MURRAY, Ky. (July 27, 2012) — U.S. News & World Report just released its “Short List” of rankings that finds Murray State University at the top of the 10 schools where merit aid awards are most common.
Murray awarded non-need-based scholarships and grants to nearly 77 percent of its undergraduate students, the publication reports. MSU is far above the national average of 13 percent. In fact, the percentage of students receiving merit awards at Murray State tops that of the No. 10 ranked school by over 30 percentage points.
Murray State’s high rate of financial aid through scholarships/grants is particularly noteworthy given the national debate on both the high cost of attending college in the U.S. and the increasing national student debt load.
“Obviously, we’re delighted to receive this recognition which again firmly establishes Murray State University as a national benchmark institution for quality and affordability” said Dr. Randy J. Dunn, president of Murray State University. “I couldn’t be prouder of the hard work of our faculty and staff and the generosity of our alumni and donors with whom we share this distinction.”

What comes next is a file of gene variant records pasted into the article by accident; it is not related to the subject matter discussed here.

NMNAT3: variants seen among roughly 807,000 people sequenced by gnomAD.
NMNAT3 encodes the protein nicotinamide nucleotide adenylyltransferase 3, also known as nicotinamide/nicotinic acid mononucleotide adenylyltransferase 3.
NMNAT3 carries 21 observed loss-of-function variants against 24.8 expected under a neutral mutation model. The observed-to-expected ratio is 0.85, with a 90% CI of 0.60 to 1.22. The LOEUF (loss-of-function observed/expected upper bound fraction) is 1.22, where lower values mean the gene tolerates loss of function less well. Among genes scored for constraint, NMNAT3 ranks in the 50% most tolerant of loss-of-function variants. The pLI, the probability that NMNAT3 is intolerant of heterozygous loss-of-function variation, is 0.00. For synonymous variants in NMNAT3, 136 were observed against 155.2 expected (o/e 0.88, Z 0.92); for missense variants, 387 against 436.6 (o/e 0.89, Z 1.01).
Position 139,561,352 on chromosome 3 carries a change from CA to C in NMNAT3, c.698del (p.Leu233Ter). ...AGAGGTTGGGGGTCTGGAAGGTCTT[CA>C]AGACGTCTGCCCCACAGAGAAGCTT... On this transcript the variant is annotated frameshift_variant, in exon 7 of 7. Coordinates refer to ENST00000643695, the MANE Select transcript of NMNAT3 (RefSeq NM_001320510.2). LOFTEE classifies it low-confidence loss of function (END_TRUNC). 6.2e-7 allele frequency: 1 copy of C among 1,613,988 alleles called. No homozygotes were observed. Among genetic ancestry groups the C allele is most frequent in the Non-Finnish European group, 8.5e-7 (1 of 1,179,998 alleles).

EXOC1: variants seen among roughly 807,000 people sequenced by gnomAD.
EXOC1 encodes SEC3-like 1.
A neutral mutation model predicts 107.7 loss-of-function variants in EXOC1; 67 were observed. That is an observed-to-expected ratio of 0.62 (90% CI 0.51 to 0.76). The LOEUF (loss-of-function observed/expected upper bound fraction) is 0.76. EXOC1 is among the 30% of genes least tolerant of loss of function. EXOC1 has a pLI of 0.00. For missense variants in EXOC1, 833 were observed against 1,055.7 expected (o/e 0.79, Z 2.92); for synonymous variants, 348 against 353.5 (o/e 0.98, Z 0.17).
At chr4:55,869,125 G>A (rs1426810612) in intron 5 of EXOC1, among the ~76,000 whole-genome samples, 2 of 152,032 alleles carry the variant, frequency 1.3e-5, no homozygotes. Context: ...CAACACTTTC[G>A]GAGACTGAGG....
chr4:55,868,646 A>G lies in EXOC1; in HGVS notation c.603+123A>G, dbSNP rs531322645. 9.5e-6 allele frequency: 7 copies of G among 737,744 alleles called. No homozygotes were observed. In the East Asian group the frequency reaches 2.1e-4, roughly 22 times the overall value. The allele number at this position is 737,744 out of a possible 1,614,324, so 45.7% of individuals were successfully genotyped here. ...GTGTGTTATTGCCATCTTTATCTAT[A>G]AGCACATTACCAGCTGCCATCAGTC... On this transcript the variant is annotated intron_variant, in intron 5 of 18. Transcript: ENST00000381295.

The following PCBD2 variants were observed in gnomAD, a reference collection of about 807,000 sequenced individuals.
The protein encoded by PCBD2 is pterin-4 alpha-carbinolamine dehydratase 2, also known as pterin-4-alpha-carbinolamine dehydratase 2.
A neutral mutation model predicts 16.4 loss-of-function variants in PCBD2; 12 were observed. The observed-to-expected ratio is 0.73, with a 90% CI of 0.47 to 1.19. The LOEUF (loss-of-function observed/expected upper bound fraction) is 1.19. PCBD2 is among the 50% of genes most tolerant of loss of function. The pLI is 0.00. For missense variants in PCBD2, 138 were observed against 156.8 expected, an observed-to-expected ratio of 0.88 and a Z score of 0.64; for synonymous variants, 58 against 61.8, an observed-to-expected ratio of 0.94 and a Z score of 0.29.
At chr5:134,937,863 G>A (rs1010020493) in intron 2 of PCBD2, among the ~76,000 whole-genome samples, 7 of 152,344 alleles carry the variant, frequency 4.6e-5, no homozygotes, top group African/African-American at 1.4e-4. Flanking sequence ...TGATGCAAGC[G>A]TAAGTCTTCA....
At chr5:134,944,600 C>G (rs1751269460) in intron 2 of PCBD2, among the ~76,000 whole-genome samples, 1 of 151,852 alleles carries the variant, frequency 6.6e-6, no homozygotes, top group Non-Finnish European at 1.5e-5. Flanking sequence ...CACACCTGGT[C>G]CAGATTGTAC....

The university is concluding a multi-year comprehensive fundraising campaign for the benefits of student scholarships, academic programs and campus enhancements at the end of 2012. To date, more than $67 million has been raised.
“Approximately 50 percent of that total has established scholarship endowments,” said Dr. Bob Jackson, associate vice president of development and governmental relations at MSU and campaign director. “These new scholarship gifts during the campaign have caused our annual scholarship awards to double to more than $1.6 million.”
The national rankings looked at students who did not qualify for financial aid; however, those students may still be in need of assistance in paying for college.
U.S. News & World Report conducted the research using information on schools it recognizes in its yearly “America’s Best Colleges” rankings — MSU has been ranked on the list for its quality for 21 consecutive years.